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Syrian Kurd Militia Signals Pullback Possible, Turkey Talks Tough As Hurdles Remain


A photo from the Turkish side of the border at Ceylanpinar district in Sanliurfa shows fire and smoke rising from the Syrian town of Ras al-Ain on October 18.

A Syrian Kurdish militia leader has said his forces will withdraw from a border area in northeastern Syria to comply with a U.S.-brokered cease-fire deal if Turkish-led forces allow remaining Kurdish forces and civilians to leave an embattled city there.

The statement came with some reports alleging violations of a fragile truce along Turkey's border with Syria, two days after Turkish President Recep Tayyip Erdogan agreed a temporary halt to fighting to allow Kurdish forces time to pull back from regions under assault in Ankara's military drive.

Redur Khalil of the Syrian Democratic Forces (SDF), which has been supplied U.S. weaponry in the fight against Islamic State (IS) militants in the region, said late on October 19 that SDF troops will move back 30 kilometers from the Turkish-Syrian border in a 120-kilometer stretch between Ras al-Ayn and Tal Aybad if the evacuations are permitted of those cities.

Even with its built-in contingency, the statement appeared to be the first public acknowledgement by the SDF that they might pull back.

Turkish Foreign Minister Mevlut Cavusoglu said on October 20 that Ankara di not want "a single Kurdish militant" left in its planned "safe zones."

He added that Turkey will discuss with Russia, whose forces are fighting in support of Syrian President Bashar al-Assad, the removal of Kurdish militia fighters from the Manbij and Kobani regions of Syria.

Erdogan is scheduled to meet with Russian President Vladimir Putin in the Russian Black Sea resort of Sochi on October 22.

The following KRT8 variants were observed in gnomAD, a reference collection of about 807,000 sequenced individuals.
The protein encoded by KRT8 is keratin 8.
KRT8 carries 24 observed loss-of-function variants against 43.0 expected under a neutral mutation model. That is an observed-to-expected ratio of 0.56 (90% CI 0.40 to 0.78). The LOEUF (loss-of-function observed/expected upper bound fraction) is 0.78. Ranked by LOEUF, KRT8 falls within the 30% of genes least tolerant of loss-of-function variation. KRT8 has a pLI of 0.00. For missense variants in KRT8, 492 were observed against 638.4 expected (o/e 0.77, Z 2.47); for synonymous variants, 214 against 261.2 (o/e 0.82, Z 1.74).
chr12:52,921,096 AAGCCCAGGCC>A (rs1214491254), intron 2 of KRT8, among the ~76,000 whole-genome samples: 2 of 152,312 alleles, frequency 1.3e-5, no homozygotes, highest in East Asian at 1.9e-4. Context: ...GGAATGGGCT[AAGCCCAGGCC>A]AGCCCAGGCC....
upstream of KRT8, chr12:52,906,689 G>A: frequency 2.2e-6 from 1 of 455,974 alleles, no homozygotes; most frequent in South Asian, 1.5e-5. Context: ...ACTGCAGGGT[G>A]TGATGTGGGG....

Tens of thousands of civilians have fled cities caught up in the fighting, and many groups fear a humanitarian disaster, particularly as images emerged of apparent abuse and summary executions by Turkish forces.

International outcry had mounted at the offensive by NATO-member Turkey, including from European leaders slapping arms boycotts on Ankara and U.S. President Donald Trump threatening to "ruin" Turkey's economy if it overstepped.

Trump's October 6 order to remove U.S. troops in northeastern Syria, where they were cooperating with allied Kurdish forces who oppose Assad and had waged an extended battle against IS radicals, was seen by many as green-lighting the Turkish operation.

Critics called Trump's decision a "betrayal" of U.S.-allied Kurds, and many expressed concerns that the thousands of IS prisoners being held by the Kurdish militias would be able to flee during the fighting.

U.S. Vice President Mike Pence in Ankara on October 17 announced a deal that included a suspension of Turkey's week-old military operation to clear a Kurdish-held swath of northeastern Syria.

Under the deal declared by Pence, all fighting was to halt for five days and the United States was to help facilitate the withdrawal of Kurdish-led troops from a "safe zone" sought by Turkey along the border.

U.S. Defense Secretary Mark Esper said on October 19 that the approximately 1,000 troops being withdrawn from Syria would most likely be transferred to western Iraq to focus on the fight against IS.

Meanwhile, Nancy Pelosi, the Democratic speaker of the U.S. House of Representatives, and eight other senior members of Congress from both parties were in Jordan this weekend to meet with King Abdullah II and other top officials. In a statement released on October 19, Pelosi said the visit by the bipartisan group was coming at "a critical time for the security and stability of the region."

Despite the cease-fire, Turkish-backed Syrian fighters on October 19 clashed with Kurdish-led forces. The two sides blamed each another for the violations.

The London-based Syrian Observatory for Human Rights said Turkish-backed forces had crossed into Syria and advanced toward the Kurdish-held town of Shakariya.

Erdogan used tough language in a televised speech on October 19 to say what Kurdish forces in northern Syria could expect if they did not withdraw as agreed with the United States.

Erdogan warned that if the Kurdish withdrawal was not completed by October 22, "we will start where we left off and continue to crush the terrorists' heads."

He said he planned to discuss the new "safe zone" at a meeting this week with Putin, but said Ankara will "implement its own plans" if an agreement is not reached on the limits of the deployment of Syrian government forces.

Thousands of people in Paris and in the German city of Cologne demonstrated against Turkey's military offensive in northern Syria on October 19.

With reporting by Reuters, AP, and dpa
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